Are there still member churches in the FBFI for which this is still a point of contention? I'm glad that the FBFI has made this statement; but, before today, I assumed that it was unneeded. If there are still FBFI churches for which this is still a point of contention, what have those church's pastors been teaching? In other words, the fact that the FBFI made this statement in 2014 is puzzling and possibly troubling.

I don't know whether FBFI has

I don't know whether FBFI has a long history of KJVO activism, but if there is, I would have to suggest that a stronger statement might be worthwhile.  Something that cautions those who would make it an issue that they need to be arguing the relative merits of the texts and concede that we don't have the means today of proving which texts are the best, and that those who use personal attacks to "advance" their cause will be subject to church discipline for that.

But that said, it's good to see the statement going this far.  Hopefully fundamental Baptists will soon agree that the KJV is a wonderful translation, but that this does not need to exclude the NASB, ESV, NKJV, and such.

FBFI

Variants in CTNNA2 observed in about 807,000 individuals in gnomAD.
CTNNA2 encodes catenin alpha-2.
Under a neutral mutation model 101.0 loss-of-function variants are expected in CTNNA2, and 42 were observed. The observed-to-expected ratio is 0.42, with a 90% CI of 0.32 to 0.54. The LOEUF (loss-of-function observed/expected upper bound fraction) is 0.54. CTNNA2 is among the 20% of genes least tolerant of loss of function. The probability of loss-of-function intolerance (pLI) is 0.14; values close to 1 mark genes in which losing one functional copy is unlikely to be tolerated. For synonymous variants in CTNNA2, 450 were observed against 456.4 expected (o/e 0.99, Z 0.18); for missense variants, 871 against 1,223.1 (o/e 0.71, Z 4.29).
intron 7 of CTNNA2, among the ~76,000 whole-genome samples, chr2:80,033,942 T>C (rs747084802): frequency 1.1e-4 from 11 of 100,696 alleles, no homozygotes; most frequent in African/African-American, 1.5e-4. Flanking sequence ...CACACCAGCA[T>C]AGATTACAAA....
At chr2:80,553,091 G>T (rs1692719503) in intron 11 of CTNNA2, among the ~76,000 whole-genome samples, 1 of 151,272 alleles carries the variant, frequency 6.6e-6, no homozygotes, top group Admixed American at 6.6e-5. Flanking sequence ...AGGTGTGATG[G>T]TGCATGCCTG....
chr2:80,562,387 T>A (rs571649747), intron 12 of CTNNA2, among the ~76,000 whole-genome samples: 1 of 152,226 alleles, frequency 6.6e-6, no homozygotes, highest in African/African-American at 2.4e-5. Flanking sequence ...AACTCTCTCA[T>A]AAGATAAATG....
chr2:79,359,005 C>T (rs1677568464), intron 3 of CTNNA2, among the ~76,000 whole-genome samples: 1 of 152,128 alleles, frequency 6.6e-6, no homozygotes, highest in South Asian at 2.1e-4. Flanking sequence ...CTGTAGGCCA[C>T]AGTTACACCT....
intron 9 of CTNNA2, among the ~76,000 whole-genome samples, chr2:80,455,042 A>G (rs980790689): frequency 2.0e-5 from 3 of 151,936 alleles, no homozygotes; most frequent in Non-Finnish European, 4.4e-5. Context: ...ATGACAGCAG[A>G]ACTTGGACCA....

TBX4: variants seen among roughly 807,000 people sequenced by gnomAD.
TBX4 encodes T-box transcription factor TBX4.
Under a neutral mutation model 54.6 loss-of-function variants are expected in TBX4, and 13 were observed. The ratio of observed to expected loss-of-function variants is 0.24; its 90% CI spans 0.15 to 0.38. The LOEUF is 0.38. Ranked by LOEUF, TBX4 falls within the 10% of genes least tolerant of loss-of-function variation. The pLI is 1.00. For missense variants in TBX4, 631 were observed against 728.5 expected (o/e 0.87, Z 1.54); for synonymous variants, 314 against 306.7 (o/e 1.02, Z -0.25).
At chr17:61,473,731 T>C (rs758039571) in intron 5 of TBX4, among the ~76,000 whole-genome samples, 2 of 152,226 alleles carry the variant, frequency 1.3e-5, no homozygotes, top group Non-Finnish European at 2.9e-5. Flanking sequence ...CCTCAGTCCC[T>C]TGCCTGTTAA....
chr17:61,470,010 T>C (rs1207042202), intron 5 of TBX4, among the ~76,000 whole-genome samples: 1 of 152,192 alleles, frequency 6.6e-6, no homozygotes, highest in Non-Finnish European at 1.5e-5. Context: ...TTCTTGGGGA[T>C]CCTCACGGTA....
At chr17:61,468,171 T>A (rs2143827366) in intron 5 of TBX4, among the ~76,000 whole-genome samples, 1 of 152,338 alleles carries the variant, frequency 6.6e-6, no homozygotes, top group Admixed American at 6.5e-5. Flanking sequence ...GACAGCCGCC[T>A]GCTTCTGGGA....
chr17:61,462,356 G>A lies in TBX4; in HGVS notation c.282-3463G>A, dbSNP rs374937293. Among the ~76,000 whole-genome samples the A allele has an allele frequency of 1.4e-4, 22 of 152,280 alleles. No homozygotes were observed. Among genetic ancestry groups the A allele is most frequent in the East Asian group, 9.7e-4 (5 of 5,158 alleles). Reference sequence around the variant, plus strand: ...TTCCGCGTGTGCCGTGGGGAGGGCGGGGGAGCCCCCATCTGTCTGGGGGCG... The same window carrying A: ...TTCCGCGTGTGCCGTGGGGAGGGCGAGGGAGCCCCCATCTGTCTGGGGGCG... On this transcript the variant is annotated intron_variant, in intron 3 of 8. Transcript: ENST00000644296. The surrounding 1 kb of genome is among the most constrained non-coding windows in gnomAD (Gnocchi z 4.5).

is a fellowship of people, not churches. There are no "member churches" hence no collective "discipline" demanded from FBFI.

Agreed!

Agreed. The statement should be much stronger regarding the legitimacy of other good translations.>

Pastor Mike Harding

Shaynus

Perhaps so, but my favorite KJV phrase is "superfluity of naughtiness"!

TylerR is a former Pastor. He lives with his family in Olympia, WA. He blogs here.

Yes, Mark

But are FBFI members who are also pastors promoting contra-Biblical and divisive textual positions? I'm fairly confident that if an FBFI member pastor had John Piper or *gasp* Tim Keller come and speak in the church he pastors, the FBFI would remove that pastor from the membership role. I assumed that the FBFI had already covered the textual "thing" several years ago. Once again, are members who teach contra-Biblical and divisive textual positions welcomed in full fellowhip?